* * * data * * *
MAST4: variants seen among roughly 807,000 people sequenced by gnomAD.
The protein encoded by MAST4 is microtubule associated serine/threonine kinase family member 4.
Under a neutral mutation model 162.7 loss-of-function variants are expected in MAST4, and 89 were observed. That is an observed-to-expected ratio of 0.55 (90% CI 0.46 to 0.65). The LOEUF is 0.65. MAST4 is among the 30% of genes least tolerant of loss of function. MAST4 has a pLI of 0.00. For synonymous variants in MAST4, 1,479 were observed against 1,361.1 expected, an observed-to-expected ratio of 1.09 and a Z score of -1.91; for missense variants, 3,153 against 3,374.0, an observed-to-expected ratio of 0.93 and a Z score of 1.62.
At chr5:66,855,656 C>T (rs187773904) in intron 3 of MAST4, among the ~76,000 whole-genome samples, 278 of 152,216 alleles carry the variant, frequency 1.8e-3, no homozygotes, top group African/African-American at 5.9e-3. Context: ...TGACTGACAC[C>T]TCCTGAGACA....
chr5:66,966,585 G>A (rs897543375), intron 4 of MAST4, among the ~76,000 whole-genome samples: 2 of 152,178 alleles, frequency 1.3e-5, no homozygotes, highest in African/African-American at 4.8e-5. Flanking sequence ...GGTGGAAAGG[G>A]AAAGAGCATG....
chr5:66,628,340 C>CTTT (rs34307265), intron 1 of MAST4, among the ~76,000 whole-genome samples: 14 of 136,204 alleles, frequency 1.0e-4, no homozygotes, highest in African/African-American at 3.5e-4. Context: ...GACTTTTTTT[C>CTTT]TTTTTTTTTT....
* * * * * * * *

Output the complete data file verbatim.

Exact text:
MAST4: variants seen among roughly 807,000 people sequenced by gnomAD.
The protein encoded by MAST4 is microtubule associated serine/threonine kinase family member 4.
Under a neutral mutation model 162.7 loss-of-function variants are expected in MAST4, and 89 were observed. That is an observed-to-expected ratio of 0.55 (90% CI 0.46 to 0.65). The LOEUF is 0.65. MAST4 is among the 30% of genes least tolerant of loss of function. MAST4 has a pLI of 0.00. For synonymous variants in MAST4, 1,479 were observed against 1,361.1 expected, an observed-to-expected ratio of 1.09 and a Z score of -1.91; for missense variants, 3,153 against 3,374.0, an observed-to-expected ratio of 0.93 and a Z score of 1.62.
At chr5:66,855,656 C>T (rs187773904) in intron 3 of MAST4, among the ~76,000 whole-genome samples, 278 of 152,216 alleles carry the variant, frequency 1.8e-3, no homozygotes, top group African/African-American at 5.9e-3. Context: ...TGACTGACAC[C>T]TCCTGAGACA....
chr5:66,966,585 G>A (rs897543375), intron 4 of MAST4, among the ~76,000 whole-genome samples: 2 of 152,178 alleles, frequency 1.3e-5, no homozygotes, highest in African/African-American at 4.8e-5. Flanking sequence ...GGTGGAAAGG[G>A]AAAGAGCATG....
chr5:66,628,340 C>CTTT (rs34307265), intron 1 of MAST4, among the ~76,000 whole-genome samples: 14 of 136,204 alleles, frequency 1.0e-4, no homozygotes, highest in African/African-American at 3.5e-4. Context: ...GACTTTTTTT[C>CTTT]TTTTTTTTTT....